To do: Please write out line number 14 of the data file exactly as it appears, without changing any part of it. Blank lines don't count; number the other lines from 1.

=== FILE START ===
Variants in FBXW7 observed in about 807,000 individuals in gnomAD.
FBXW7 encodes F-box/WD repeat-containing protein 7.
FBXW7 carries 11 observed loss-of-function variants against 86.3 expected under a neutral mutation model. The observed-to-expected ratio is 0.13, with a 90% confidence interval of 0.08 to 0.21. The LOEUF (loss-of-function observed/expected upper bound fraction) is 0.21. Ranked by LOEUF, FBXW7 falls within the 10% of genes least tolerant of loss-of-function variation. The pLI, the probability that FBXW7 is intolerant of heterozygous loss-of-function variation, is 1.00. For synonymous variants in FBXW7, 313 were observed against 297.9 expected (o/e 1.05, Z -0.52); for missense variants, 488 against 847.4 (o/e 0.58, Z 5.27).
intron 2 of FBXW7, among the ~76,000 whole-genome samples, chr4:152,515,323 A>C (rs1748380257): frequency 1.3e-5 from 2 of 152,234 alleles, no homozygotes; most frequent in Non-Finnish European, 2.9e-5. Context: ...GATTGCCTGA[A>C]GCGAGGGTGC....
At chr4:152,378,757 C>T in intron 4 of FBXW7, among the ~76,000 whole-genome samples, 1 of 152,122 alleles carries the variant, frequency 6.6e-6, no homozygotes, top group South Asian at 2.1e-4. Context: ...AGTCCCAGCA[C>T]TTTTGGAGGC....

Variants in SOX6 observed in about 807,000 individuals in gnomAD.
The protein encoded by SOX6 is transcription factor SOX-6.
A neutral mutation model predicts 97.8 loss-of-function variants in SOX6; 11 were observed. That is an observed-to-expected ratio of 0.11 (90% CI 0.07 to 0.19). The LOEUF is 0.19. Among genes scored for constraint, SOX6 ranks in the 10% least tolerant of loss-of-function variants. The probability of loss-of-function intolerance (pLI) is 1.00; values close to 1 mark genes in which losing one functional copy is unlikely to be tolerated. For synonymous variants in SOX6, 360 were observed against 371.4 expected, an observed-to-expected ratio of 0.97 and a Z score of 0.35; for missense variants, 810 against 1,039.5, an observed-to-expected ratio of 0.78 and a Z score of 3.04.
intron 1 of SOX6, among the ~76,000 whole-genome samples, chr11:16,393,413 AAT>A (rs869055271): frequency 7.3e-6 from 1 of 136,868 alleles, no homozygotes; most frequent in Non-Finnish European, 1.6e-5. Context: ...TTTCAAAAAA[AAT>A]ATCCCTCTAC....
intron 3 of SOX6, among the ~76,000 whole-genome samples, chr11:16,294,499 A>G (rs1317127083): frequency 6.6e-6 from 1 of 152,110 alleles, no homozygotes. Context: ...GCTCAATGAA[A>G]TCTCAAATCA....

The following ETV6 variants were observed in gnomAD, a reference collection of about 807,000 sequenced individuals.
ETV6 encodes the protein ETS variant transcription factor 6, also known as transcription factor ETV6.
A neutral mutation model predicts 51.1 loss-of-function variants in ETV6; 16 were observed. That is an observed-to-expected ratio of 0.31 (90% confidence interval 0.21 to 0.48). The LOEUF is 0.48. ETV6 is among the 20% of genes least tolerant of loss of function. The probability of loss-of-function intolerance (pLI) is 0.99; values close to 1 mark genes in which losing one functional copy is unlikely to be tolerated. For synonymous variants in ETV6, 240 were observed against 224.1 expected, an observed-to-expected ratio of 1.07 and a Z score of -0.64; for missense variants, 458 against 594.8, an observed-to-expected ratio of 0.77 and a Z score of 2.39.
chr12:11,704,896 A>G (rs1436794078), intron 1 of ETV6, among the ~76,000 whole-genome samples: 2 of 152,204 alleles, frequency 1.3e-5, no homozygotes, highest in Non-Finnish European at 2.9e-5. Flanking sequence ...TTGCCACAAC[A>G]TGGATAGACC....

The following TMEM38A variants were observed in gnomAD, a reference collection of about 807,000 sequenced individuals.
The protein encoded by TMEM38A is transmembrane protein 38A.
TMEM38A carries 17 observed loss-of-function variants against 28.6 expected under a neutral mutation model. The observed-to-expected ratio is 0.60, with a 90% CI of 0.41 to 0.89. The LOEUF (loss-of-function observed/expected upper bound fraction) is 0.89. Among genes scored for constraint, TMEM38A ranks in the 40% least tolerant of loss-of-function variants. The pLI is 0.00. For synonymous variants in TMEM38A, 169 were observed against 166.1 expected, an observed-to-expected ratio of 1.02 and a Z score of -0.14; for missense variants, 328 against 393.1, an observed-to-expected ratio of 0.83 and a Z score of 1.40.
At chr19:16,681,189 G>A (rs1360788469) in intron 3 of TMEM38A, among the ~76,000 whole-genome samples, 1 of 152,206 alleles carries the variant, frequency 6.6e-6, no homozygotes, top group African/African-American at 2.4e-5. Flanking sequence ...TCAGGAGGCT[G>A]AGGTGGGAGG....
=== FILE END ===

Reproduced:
chr12:11,704,896 A>G (rs1436794078), intron 1 of ETV6, among the ~76,000 whole-genome samples: 2 of 152,204 alleles, frequency 1.3e-5, no homozygotes, highest in Non-Finnish European at 2.9e-5. Flanking sequence ...TTGCCACAAC[A>G]TGGATAGACC....